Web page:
FHA mortgage loan rates kicked off the week more or less unchanged, best execution-wise–the previous two business days had some improvements in rates following a “consolidation” ahead of a highly anticipated announcement from the European Central Bank that had great potential to affect mortgage loan rates depending on investor reaction to the contents of that announcement.
With the ECB announcement come and gone, and rates improving after another highly watched announcement by the Fed here at home, we find rates moving back to lows some sources report going down to 2013 levels.
That’s great news for those looking for 30-year fixed rate conventional mortgage loans as the best execution rate for those loans has moved to about 3.625% depending on the lender. That rate is not available to all borrowers or from all lenders. A variety of factors would play a role in your access to that interest rate.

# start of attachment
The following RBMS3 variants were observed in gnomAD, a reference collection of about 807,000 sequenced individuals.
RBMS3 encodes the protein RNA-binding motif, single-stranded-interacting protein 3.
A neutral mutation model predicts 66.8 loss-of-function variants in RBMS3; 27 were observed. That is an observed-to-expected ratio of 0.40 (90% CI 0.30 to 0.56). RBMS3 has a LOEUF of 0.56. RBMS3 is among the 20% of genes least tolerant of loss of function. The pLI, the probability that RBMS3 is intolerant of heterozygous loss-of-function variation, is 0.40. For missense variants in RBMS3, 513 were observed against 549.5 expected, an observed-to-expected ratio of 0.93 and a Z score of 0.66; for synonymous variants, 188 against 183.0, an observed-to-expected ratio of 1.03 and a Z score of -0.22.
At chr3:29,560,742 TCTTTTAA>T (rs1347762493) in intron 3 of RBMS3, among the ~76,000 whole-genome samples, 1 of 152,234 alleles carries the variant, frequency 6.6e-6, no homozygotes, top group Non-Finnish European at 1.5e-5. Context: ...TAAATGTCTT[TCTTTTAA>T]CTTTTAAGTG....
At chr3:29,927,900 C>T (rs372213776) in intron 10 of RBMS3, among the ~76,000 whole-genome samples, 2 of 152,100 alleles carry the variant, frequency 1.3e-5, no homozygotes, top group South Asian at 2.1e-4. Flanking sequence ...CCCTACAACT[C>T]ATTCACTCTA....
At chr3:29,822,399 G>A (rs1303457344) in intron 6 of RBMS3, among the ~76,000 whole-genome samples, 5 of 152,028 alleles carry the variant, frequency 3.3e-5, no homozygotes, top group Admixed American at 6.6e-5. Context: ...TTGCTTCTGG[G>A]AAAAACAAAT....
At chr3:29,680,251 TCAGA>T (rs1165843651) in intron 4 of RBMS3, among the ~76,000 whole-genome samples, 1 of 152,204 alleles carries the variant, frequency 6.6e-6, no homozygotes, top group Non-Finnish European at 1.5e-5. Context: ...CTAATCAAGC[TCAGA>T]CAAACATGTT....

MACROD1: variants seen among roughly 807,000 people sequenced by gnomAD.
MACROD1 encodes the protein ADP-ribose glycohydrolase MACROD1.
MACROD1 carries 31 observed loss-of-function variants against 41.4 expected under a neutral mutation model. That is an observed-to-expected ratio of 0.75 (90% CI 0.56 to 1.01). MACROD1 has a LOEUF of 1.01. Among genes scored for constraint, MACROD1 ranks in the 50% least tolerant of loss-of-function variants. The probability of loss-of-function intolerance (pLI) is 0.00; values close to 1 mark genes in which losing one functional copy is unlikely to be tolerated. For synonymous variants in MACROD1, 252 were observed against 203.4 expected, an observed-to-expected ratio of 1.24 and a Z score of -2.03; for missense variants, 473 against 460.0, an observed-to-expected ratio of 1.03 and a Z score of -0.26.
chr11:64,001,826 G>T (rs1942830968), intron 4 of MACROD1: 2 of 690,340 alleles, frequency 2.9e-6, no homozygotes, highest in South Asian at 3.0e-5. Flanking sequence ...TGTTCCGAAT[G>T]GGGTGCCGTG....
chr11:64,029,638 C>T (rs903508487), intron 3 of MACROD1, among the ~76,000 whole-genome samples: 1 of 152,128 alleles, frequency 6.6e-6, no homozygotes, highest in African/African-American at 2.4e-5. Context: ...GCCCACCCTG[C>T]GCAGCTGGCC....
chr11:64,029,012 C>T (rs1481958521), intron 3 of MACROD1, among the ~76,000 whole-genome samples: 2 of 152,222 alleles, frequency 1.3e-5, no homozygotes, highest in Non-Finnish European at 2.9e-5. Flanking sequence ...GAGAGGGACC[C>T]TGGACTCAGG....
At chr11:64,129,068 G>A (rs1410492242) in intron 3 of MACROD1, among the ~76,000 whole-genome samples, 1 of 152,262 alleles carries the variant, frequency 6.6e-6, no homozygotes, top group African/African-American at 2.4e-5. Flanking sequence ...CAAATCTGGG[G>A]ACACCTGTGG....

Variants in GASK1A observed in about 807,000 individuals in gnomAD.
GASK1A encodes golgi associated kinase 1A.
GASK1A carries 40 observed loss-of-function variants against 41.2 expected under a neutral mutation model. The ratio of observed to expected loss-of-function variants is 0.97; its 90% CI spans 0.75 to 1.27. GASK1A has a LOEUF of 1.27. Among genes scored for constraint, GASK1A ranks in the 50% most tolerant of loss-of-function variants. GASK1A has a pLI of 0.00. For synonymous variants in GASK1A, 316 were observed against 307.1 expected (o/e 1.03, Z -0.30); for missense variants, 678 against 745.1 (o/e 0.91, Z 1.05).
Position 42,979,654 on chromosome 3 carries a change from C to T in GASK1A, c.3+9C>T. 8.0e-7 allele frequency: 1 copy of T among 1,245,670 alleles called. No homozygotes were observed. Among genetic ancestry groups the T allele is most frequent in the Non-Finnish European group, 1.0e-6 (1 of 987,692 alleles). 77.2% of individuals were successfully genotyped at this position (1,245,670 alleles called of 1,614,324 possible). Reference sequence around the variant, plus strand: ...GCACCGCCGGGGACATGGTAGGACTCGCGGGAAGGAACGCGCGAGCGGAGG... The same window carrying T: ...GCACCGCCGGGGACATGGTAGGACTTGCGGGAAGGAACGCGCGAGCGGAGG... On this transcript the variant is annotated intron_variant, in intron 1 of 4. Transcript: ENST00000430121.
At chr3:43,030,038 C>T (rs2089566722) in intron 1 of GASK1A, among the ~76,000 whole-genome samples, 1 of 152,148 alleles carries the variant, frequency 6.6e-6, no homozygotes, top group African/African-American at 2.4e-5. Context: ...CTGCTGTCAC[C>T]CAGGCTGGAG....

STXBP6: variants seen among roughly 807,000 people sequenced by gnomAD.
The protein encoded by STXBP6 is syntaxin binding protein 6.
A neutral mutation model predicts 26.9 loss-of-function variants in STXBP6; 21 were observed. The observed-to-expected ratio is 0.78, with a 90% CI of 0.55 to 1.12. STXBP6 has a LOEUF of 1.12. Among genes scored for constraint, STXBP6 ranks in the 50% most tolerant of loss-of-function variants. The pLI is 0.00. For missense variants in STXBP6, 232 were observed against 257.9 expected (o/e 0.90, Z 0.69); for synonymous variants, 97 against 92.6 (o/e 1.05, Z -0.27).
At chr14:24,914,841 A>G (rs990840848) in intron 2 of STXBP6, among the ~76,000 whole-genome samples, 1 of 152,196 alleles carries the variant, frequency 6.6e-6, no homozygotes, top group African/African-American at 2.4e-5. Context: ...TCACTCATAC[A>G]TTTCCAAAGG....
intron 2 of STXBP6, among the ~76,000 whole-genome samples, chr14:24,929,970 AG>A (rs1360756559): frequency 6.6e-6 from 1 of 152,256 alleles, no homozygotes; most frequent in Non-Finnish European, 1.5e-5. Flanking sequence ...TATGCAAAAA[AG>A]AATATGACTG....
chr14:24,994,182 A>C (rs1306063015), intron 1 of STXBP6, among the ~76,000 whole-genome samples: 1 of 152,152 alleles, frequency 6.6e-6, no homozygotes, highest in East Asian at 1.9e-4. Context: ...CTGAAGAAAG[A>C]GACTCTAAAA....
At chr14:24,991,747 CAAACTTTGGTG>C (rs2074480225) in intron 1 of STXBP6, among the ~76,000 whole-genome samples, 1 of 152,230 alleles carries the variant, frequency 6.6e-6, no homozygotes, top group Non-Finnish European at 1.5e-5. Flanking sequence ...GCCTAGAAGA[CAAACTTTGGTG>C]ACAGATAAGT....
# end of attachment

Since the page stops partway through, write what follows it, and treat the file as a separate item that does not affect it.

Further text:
For FHA home loans, the same story we’ve been telling for weeks now still applies–FHA rates are holding steady in a best execution comfort zone at or near 3.25% depending on the lender.
The same best execution notions apply here too–best execution rates are not available to all borrowers or from all lenders. Your FICO scores and other financial qualifications will help determine the FHA loan interest rate available to you.
There’s mixed advice from industry professionals about locking in a mortgage loan interest rate now or floating until things seem more advantageous. Floating always carries a degree of risk; some pros think more improvement might be coming, others feel the risk of volatility makes floating riskier than it might seem right now.
The choice is up to you–some believe markets may be getting more cautious after a lot of recent gains–could this affect whether you lock or float? It depends on how low you think rates might–or might not–go.
Do you have questions about FHA loans? Ask us in the comments section.